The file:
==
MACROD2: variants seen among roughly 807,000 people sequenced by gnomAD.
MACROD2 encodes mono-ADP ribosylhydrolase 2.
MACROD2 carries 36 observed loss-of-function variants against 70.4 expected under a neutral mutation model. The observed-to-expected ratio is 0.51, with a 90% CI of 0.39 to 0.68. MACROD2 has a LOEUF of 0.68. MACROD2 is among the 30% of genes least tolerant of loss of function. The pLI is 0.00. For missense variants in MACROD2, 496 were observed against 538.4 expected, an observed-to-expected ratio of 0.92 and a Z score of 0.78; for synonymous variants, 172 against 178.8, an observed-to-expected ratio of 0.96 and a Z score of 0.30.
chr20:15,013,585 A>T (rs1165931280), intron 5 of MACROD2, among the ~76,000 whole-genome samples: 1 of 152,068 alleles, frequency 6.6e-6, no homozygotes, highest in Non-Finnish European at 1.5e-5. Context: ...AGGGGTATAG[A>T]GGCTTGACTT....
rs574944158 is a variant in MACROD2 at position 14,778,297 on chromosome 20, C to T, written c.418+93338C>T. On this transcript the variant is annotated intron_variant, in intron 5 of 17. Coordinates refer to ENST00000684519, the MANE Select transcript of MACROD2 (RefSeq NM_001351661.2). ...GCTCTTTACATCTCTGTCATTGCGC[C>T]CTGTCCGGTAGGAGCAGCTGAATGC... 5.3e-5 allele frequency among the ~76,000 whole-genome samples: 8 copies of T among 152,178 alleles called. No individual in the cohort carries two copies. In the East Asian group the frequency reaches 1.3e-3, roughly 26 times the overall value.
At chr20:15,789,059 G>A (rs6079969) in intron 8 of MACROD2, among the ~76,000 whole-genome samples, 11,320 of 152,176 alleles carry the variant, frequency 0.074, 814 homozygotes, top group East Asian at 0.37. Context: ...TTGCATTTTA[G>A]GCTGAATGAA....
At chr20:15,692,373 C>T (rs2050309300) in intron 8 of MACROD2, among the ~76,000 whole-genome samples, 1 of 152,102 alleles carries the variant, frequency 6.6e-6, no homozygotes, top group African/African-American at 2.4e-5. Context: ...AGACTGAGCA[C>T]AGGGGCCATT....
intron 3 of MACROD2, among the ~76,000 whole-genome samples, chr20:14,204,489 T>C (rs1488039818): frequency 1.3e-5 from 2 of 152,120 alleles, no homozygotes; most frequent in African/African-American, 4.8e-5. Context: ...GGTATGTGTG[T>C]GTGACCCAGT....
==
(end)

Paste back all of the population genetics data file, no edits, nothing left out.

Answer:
MACROD2: variants seen among roughly 807,000 people sequenced by gnomAD.
MACROD2 encodes mono-ADP ribosylhydrolase 2.
MACROD2 carries 36 observed loss-of-function variants against 70.4 expected under a neutral mutation model. The observed-to-expected ratio is 0.51, with a 90% CI of 0.39 to 0.68. MACROD2 has a LOEUF of 0.68. MACROD2 is among the 30% of genes least tolerant of loss of function. The pLI is 0.00. For missense variants in MACROD2, 496 were observed against 538.4 expected, an observed-to-expected ratio of 0.92 and a Z score of 0.78; for synonymous variants, 172 against 178.8, an observed-to-expected ratio of 0.96 and a Z score of 0.30.
chr20:15,013,585 A>T (rs1165931280), intron 5 of MACROD2, among the ~76,000 whole-genome samples: 1 of 152,068 alleles, frequency 6.6e-6, no homozygotes, highest in Non-Finnish European at 1.5e-5. Context: ...AGGGGTATAG[A>T]GGCTTGACTT....
rs574944158 is a variant in MACROD2 at position 14,778,297 on chromosome 20, C to T, written c.418+93338C>T. On this transcript the variant is annotated intron_variant, in intron 5 of 17. Coordinates refer to ENST00000684519, the MANE Select transcript of MACROD2 (RefSeq NM_001351661.2). ...GCTCTTTACATCTCTGTCATTGCGC[C>T]CTGTCCGGTAGGAGCAGCTGAATGC... 5.3e-5 allele frequency among the ~76,000 whole-genome samples: 8 copies of T among 152,178 alleles called. No individual in the cohort carries two copies. In the East Asian group the frequency reaches 1.3e-3, roughly 26 times the overall value.
At chr20:15,789,059 G>A (rs6079969) in intron 8 of MACROD2, among the ~76,000 whole-genome samples, 11,320 of 152,176 alleles carry the variant, frequency 0.074, 814 homozygotes, top group East Asian at 0.37. Context: ...TTGCATTTTA[G>A]GCTGAATGAA....
At chr20:15,692,373 C>T (rs2050309300) in intron 8 of MACROD2, among the ~76,000 whole-genome samples, 1 of 152,102 alleles carries the variant, frequency 6.6e-6, no homozygotes, top group African/African-American at 2.4e-5. Context: ...AGACTGAGCA[C>T]AGGGGCCATT....
intron 3 of MACROD2, among the ~76,000 whole-genome samples, chr20:14,204,489 T>C (rs1488039818): frequency 1.3e-5 from 2 of 152,120 alleles, no homozygotes; most frequent in African/African-American, 4.8e-5. Context: ...GGTATGTGTG[T>C]GTGACCCAGT....